Atlantic menhaden caught as part of Maryland's Estuarine Fish Community Sampling Program. Photo © Frank Marenghi, MD DNR.
Atlantic menhaden (Brevoortia tyrannus) occupy estuaries and coastal waters from Nova Scotia to northern Florida and are believed to consist of a single population. Adult and juvenile menhaden form large, near-surface schools, primarily in estuaries and nearshore ocean waters from early spring through early winter. By summer, menhaden schools stratify by size and age along the coast, with older and larger menhaden found farther north. During fall-early winter, menhaden of all sizes and ages migrate south around the North Carolina capes to spawn.
Sexual maturity begins as early as age one to just before age three, with major spawning areas from New Jersey to the Carolinas. The majority of spawning primarily occurs offshore (20-30 miles) during winter. Buoyant eggs hatch at sea, and larvae are carried into estuarine nursery areas by ocean currents. Juveniles spend most of their first year in estuaries, migrating to the ocean in late fall.
Menhaden are very efficient filter feeders. Water is pushed through specialized gill rakers that are formed into a basket that allows them to capture plankton. Menhaden are an important component of the food chain, providing a link between primary production and higher organisms by consuming plankton and providing forage for species such as striped bass, bluefish, and weakfish, to name just a few.
The Atlantic menhaden commercial fishery consists of a reduction fishery (named because it "reduces" the whole fish into fish meal, fish oil, and fish solubles) and a bait fishery. The reduction fishery first began in New England during the early 1800s and spread south after the Civil War. The reduction fishery grew with the advent of purse seines in the mid-1800s and reached peak landings in 1956 at 712,100 metric tons (mt). At the time, over 20 menhaden reduction factories ranged from southern Maine to northern Florida. In the 1960s, the Atlantic menhaden stock contracted geographically, and many of the reduction factories north of the Chesapeake Bay closed due to a scarcity of fish. Consequently, reduction landings dropped to 161,000 mt in 1969. In the 1970s and 1980s, the menhaden population began to expand (primarily due to a series of above average year classes entering the fishery), and reduction landings rose to around 300,000-400,000 mt. Adult menhaden were again abundant in the northern half of their range and, as a result, reduction factories in Canada and New England began processing menhaden again by the mid-1970s. However, by 1989 all shore-side reduction plants in New England had closed, mainly because of odor abatement regulations.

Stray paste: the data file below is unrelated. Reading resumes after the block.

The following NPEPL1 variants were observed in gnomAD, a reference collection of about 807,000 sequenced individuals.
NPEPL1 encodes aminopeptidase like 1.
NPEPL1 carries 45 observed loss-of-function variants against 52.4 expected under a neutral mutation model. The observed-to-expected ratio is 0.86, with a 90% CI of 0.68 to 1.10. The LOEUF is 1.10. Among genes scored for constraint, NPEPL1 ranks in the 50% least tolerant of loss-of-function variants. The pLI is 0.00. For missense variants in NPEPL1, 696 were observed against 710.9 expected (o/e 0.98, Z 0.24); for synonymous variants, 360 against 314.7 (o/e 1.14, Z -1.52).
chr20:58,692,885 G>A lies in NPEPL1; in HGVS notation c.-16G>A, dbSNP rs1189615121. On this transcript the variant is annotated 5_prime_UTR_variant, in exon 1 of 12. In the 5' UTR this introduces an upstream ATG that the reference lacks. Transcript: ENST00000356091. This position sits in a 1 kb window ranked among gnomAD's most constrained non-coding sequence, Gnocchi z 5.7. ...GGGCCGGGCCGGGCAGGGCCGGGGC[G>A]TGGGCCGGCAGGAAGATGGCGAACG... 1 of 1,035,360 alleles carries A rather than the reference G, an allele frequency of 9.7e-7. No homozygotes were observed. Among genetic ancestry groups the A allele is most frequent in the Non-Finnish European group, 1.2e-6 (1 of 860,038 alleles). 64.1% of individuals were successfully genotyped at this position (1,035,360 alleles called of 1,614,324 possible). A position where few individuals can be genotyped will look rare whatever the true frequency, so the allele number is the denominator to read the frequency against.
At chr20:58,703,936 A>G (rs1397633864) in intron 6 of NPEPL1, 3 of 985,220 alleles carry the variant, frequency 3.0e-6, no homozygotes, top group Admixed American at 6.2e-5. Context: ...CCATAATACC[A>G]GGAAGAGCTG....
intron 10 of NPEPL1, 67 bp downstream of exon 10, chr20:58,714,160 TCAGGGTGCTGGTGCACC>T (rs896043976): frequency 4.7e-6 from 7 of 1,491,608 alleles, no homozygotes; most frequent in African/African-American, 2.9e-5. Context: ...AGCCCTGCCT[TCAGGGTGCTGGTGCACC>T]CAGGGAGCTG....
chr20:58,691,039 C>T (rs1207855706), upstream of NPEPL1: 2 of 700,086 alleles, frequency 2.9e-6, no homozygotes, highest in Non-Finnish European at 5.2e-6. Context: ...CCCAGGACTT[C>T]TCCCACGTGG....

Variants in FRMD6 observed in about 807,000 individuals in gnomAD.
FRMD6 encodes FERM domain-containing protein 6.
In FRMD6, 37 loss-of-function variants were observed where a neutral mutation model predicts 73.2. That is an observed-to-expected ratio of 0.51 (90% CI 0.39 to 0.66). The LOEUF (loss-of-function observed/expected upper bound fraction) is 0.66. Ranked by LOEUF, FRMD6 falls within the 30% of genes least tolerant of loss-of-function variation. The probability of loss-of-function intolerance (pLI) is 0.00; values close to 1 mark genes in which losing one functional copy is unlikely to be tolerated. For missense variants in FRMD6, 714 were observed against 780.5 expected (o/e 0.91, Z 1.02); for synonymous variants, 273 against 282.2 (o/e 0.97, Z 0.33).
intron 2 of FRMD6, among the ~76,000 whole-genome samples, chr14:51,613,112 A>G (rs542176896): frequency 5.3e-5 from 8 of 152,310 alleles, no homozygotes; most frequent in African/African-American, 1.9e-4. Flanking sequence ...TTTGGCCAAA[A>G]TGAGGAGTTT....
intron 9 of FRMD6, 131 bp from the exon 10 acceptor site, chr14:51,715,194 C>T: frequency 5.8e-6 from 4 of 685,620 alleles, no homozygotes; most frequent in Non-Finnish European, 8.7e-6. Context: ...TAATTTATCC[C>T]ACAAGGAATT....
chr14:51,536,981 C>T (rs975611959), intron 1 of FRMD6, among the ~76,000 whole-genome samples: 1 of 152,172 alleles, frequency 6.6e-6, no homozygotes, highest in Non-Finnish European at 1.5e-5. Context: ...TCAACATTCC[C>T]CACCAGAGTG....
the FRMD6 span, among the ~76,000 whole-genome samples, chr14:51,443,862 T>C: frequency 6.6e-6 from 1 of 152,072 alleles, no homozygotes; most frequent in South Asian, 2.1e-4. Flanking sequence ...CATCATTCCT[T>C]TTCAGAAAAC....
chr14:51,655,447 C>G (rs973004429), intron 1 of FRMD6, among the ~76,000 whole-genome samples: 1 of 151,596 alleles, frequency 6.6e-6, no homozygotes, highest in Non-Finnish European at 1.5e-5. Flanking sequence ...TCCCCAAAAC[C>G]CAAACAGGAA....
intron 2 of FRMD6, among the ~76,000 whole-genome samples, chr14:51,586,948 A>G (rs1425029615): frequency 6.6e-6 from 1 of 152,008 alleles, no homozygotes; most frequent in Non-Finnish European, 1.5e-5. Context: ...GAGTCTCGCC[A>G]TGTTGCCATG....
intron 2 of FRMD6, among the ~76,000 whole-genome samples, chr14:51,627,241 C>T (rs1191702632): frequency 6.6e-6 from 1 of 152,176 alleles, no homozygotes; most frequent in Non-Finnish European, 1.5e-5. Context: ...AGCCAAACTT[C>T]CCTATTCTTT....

During the 1990s, the Atlantic menhaden stock contracted again, largely due to a series of poor to average year classes. Over the next decade, several reduction plants consolidated or closed, resulting in a significant reduction in fleet size and fishing capacity. By 2006, there was only one remaining reduction plant in operation on the Atlantic coast processing menhaden into fishmeal and oil. This is the Omega Protein plant, located in Reedville, Virginia, which is still operational today. In 2021, roughly 137 thousand mt were landed for reduction purposes.
Commercial landings in 2021, including reduction, bait, bycatch, and episodic event landings, were 195,092 mt, which represents a 6% increase in landings from 2020.
In February 2020, the Board accepted the results of the Atlantic Menhaden Single-Species and Ecological Reference Point (ERP) Assessments and Peer Review Reports for management use. The single-species assessment acts as a traditional stock assessment using the Beaufort Assessment Model (BAM), and indicates the stock is not overfished or experiencing overfishing relative to the current single-species reference points. The ERP assessment evaluates the health of the stock in an ecosystem context, and indicates that the fishing mortality (F) reference points for menhaden should be lower to account for menhaden’s role as a forage fish. The ERP assessment uses the Northwest Atlantic Coastal Shelf Model of Intermediate Complexity for Ecosystems (NWACS-MICE) to develop Atlantic menhaden ERPs. NWACS-MICE is an ecosystem model that focuses on four key predator species (striped bass, bluefish, weakfish, and spiny dogfish) and three key prey species (Atlantic menhaden, Atlantic herring, and bay anchovy). These species were chosen because diet data indicate they are top predators of Atlantic menhaden or are key alternate prey species for those predators. A more detailed overview of the stock assessments is available here. This tool allows managers to evaluate the tradeoffs between Atlantic menhaden harvest and predator abundance to set reference points that take into account menhaden’s role as a forage fish.